View Single Post
10-22-2008, 01:10 PM
Registered User
LyleOdelein's Avatar
Join Date: Aug 2005
Location: Renfrew
Country: Canada
Posts: 2,671
vCash: 500
I think one of the biggest problems with the NHL's discipline is that the major criteria for suspending someone is "intent". Then, they consider past suspensions, time and score of the game, etc. As a result, sometimes, a truly reckless player can repeatedly get away with dangerous actions and merely get a slap on the wrist for it.

Intent is a tough thing to determine. Do I think that Hollwig goes out intending to throw dangerous checks that could injure guys and end careers? No. I think he's a reckless player. The difference is that he never stops himself from throwing hits that could be dangerous rather than that he goes out an looks for them. A reckless player doesn't see the possible consequences of his action, and as a result can be very dangerous. In my opinion, reckless plays lead to far more frequent injuries than "match" penalty plays where the intent to injure is there. Jones' hit on Bergeron last year is an example of a reckless play that led to serious injury, as is Torrey Mitchell's check that broke Foster's leg. Foster hasn't returned yet, while Bergeron's career was in jeopardy last year. Yet, the league still hands out minimal punishment.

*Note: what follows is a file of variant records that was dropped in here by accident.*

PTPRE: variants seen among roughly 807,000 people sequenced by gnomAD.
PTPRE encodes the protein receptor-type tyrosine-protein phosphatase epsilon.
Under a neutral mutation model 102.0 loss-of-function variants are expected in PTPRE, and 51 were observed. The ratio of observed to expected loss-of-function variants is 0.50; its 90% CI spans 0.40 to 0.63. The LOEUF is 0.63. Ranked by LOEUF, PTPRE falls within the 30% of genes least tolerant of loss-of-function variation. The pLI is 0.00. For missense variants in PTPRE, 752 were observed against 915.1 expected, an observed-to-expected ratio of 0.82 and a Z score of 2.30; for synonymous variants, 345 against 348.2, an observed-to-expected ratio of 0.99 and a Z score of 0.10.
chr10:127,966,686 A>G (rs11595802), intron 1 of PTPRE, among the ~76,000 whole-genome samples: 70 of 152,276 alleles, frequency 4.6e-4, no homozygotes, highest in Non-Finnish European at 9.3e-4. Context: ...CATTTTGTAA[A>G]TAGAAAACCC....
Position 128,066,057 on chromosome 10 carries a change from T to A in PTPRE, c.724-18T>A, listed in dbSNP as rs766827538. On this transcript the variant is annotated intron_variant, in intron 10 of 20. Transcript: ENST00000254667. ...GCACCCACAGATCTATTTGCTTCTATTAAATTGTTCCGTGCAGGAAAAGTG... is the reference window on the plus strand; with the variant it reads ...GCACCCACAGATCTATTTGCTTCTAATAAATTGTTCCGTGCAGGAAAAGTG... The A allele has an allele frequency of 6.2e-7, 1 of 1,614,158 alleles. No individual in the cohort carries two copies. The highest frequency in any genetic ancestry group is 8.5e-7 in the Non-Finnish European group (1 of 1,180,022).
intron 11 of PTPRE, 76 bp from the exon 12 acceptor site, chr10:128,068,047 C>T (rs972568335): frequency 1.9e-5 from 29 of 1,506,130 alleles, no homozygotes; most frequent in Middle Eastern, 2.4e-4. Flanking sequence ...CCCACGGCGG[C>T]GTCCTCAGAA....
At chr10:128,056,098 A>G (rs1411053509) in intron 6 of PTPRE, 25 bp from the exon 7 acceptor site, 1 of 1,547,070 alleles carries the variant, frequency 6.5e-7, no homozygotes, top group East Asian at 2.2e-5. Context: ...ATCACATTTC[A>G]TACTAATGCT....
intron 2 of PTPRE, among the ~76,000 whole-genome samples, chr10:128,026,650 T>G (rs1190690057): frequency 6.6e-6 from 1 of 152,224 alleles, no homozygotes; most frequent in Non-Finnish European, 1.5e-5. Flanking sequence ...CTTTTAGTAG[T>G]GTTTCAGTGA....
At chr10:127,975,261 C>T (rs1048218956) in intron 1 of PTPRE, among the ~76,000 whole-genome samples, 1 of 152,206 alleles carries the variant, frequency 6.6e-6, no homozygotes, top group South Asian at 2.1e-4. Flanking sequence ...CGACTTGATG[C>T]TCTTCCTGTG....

So the question for me is, why hasn't the NHL remedied this? I can think of examples from every season I've watched where a player crosses the line, and gets off relatively free because it wasn't fully intentional (Lemieux on Draper, McLaren on Zednik, Marchment on Weight, Orpik on Cole, etc.) Yet, the second there's an injury caused with intent, it's a long suspension (Hunter on Turgeon, McSorely, Bertuzzi).

The NHL needs to start telling it's players that they are responsible for reckless plays like boarding, charging, kneeing, elbowing and headshots. Hockey's a fast game, and any knowledgeable fan knows that occasionally a boarding call is going to take place, or a high hit, so I don't mean that a first time offender should be heavily penalized. However, if someone is repeatedly suspended for these types of offences, that player is a timebomb that's going to end a career (like Ulf and Marchment before them). I would say that a full year ban should be given to a player who has received 3 separate suspensions for reckless penalties within a 5 year span.

LyleOdelein is offline   Reply With Quote